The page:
Debra Soh was a gender dysphoric child. She liked trucks, not dolls. She hated being a girl. In the 1980s, the idea that a kid might transition to another sex was completely unknown. "My parents allowed me to wear boys' clothing and shave my head, to live as a girl who otherwise looked and behaved like a boy," she wrote in The Wall Street Journal. By her late teens, she outgrew her dysphoria. Her parents' support, she says, "helped me work things out."
Today, a child like Debra might be treated at a gender clinic (where the waiting lists are very long). Canada was renowned for having one of the best in the world – the child and youth clinic at CAMH, the Centre for Addiction and Mental Health in Toronto. The clinic's former head, Ken Zucker, is world-renowned for his path-breaking research. Hundreds of parents – and former clients – testify to the care and guidance they received there.
But last month, the clinic was abruptly shut down, and Dr. Zucker was dismissed. CAMH, after releasing an external review of the clinic by a pair of independent psychiatrists, issued a bafflegab statement saying that not all the clinic's practices were "in step with the latest thinking."
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In fact, Dr. Zucker was the latest victim of the raging battles in gender-identity politics. Critics say CAMH's decision has sacrificed science to ideology, and put children on the front line. They think it's a disaster for science, and for kids.
Dr. Zucker's approach was to encourage children to explore different ways of gender expression. He believes that a child's gender identity isn't necessarily fixed in stone, and that helping him feel comfortable in his birth sex is a reasonable approach. He has never tried to steer the ultimate outcome. The research shows that most kids with gender dysphoria will grow up to become bisexual, gay, lesbian or straight adults. For some, transitioning is best, and when that's the case, he helps them.
But that approach is now politically taboo. The activists argue that children with doubts about their gender should be automatically "affirmed" in their new gender by adults. In a society that's squeamish about chemicals in foods, the activists want to give them drugs that will postpone puberty, start them on a lifetime of hormones and rush them into irrevocable surgery.
Transgender activists have been hounding Dr. Zucker for years, accusing him of practising "conversion therapy" – a term for the now discredited technique of trying to turn gay people straight. After their major victory at CAMH, they'll turn their sights on other gender clinics that are not "in step with the latest thinking." Child psychiatrists and psychologists will be even more hesitant to speak up, for fear of being pilloried as transphobic. And more and more kids will be rushed down a path they may bitterly regret.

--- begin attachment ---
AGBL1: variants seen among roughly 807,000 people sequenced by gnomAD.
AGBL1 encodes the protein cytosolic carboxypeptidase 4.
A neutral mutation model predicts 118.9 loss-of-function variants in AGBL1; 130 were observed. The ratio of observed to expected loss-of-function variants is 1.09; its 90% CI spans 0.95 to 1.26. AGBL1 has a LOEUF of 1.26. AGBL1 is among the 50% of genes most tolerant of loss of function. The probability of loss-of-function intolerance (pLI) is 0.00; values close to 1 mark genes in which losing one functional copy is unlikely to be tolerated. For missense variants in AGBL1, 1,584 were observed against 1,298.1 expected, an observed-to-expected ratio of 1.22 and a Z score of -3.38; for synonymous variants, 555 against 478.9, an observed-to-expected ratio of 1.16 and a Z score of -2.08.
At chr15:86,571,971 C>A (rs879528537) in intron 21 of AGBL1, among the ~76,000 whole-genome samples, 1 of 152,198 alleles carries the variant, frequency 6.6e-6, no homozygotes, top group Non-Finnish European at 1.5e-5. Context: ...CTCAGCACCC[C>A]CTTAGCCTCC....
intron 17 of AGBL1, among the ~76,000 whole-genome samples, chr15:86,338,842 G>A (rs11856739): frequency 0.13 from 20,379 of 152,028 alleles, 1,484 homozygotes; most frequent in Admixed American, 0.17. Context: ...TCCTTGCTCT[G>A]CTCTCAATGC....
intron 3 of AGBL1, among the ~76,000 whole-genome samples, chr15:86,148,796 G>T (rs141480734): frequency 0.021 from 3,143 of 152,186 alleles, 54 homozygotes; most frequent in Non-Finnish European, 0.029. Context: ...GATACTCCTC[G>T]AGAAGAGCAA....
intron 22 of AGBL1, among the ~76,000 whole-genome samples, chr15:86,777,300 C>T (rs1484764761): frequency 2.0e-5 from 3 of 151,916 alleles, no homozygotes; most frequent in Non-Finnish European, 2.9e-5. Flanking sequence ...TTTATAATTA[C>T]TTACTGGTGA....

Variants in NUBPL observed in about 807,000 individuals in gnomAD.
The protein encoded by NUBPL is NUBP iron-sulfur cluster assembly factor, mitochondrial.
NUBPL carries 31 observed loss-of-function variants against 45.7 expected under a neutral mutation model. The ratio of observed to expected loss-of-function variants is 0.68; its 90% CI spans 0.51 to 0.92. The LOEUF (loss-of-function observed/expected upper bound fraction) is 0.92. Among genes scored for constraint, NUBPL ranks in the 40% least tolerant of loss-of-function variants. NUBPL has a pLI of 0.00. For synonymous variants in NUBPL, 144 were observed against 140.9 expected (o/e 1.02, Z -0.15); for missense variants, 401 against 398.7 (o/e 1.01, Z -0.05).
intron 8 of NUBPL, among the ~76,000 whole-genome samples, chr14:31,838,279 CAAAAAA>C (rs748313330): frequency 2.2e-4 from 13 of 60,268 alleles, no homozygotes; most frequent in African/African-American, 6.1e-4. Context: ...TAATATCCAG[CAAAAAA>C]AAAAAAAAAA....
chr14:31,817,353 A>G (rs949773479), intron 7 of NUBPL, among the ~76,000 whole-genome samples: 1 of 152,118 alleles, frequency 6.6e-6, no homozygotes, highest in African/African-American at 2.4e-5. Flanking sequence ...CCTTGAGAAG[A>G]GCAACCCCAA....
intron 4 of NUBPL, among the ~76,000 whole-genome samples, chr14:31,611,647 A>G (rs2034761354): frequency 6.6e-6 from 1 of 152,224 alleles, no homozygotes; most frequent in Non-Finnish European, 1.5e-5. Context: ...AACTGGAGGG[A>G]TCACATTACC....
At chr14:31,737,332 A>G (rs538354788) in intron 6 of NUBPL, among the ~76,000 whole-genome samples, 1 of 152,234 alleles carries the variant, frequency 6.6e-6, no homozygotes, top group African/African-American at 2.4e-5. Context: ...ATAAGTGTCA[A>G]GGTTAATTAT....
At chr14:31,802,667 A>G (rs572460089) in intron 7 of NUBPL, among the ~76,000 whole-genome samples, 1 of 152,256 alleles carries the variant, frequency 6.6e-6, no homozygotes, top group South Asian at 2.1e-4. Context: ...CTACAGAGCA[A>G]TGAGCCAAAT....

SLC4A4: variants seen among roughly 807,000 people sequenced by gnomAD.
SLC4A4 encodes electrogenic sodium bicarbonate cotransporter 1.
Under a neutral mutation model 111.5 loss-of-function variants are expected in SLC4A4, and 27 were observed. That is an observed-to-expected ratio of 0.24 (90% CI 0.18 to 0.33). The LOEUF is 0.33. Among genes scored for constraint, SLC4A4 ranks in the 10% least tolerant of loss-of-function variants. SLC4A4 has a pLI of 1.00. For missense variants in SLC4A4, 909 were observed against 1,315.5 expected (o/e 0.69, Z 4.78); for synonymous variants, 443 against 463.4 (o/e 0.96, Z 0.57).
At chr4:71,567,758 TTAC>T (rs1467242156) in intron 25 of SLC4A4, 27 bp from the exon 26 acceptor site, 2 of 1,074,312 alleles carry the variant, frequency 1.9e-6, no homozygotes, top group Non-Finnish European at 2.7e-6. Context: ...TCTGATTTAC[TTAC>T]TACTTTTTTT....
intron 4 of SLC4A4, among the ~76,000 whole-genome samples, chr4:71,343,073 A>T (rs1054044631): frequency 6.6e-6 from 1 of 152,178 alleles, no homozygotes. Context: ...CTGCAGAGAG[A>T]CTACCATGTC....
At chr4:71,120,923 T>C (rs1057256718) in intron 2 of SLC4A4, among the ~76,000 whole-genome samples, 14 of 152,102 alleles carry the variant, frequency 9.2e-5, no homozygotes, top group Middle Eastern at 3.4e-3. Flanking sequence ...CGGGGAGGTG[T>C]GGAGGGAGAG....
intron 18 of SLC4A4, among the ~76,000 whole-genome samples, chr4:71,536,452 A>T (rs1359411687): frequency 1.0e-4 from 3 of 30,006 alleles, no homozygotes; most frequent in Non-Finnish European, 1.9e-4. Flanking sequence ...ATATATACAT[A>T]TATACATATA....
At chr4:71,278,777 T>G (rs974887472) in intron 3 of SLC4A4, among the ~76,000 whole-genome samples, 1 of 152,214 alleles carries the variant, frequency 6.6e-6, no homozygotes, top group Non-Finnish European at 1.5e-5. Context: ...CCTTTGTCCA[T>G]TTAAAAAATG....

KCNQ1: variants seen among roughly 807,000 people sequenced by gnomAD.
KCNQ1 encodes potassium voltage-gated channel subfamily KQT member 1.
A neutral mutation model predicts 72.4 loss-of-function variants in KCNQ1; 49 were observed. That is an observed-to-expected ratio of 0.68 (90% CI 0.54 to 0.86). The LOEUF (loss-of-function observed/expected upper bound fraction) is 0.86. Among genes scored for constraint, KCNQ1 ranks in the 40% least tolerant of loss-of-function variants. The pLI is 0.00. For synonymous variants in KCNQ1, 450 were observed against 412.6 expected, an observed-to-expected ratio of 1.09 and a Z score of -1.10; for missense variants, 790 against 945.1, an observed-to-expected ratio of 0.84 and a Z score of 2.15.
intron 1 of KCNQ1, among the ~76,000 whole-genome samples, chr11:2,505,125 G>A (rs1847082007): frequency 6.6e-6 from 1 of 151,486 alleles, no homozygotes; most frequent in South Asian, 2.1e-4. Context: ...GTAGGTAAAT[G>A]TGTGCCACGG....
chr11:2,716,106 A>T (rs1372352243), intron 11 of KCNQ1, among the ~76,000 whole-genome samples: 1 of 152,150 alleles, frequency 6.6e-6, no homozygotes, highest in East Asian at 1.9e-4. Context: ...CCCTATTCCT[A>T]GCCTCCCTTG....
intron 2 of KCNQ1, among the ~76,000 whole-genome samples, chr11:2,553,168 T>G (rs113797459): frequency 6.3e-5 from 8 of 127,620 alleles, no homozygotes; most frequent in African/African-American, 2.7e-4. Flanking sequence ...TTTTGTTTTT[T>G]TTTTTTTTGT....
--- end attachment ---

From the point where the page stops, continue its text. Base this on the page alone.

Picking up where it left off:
The external review of Dr. Zucker's clinic was both pro and con. It acknowledged outstanding research and happy clients, contained a lot of picky criticisms, and quoted a couple of highly inflammatory and unsubstantiated claims by former patients. It did not say the clinic did so-called conversion therapy. It didn't recommend the closure of the clinic.
Alice Dreger, a former professor at Northwestern University, is an expert on transgender issues, and also on how science is politicized by ideology. She is a long-time defender of Dr. Zucker, and decidedly not transphobic. "The activists didn't like Zucker because he never did subscribe to the 'true transgender' model of identity, wherein you simply accept what any child (no matter how young) says about his or her gender," she wrote on her blog.
Debra Soh agrees. Today she is a specialist in sexual neuroscience at York University in Toronto and writes widely on gender issues. She points out that far from being a rogue doctor, Dr. Zucker was following the most up-to-date standards of care published by the World Professional Association for Transgender Health – a document he co-wrote. The Canadian Institutes of Health Research recently awarded him a grant worth close to $1-million to conduct a study on the effects of medical transitioning on adolescents' neurodevelopment. Too bad. These days, gender politics are more important than kids' health.
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The public humiliation of Dr. Zucker is a shock to many. More than 400 people – including leading clinicians from around the world – have signed an open letter to the CAMH board of trustees to protest the decision and the manner in which it was announced. They rightly point out that his reputation has been smeared. News coverage and subsequent media commentary (much of it by activists) left the distinct impression that he must have been guilty of substandard clinical practice or professional misconduct, or both.
As for CAMH, it has merely done what all too many institutions do these days when they feel the heat from the political agitators du jour. It caved. Too bad for us all.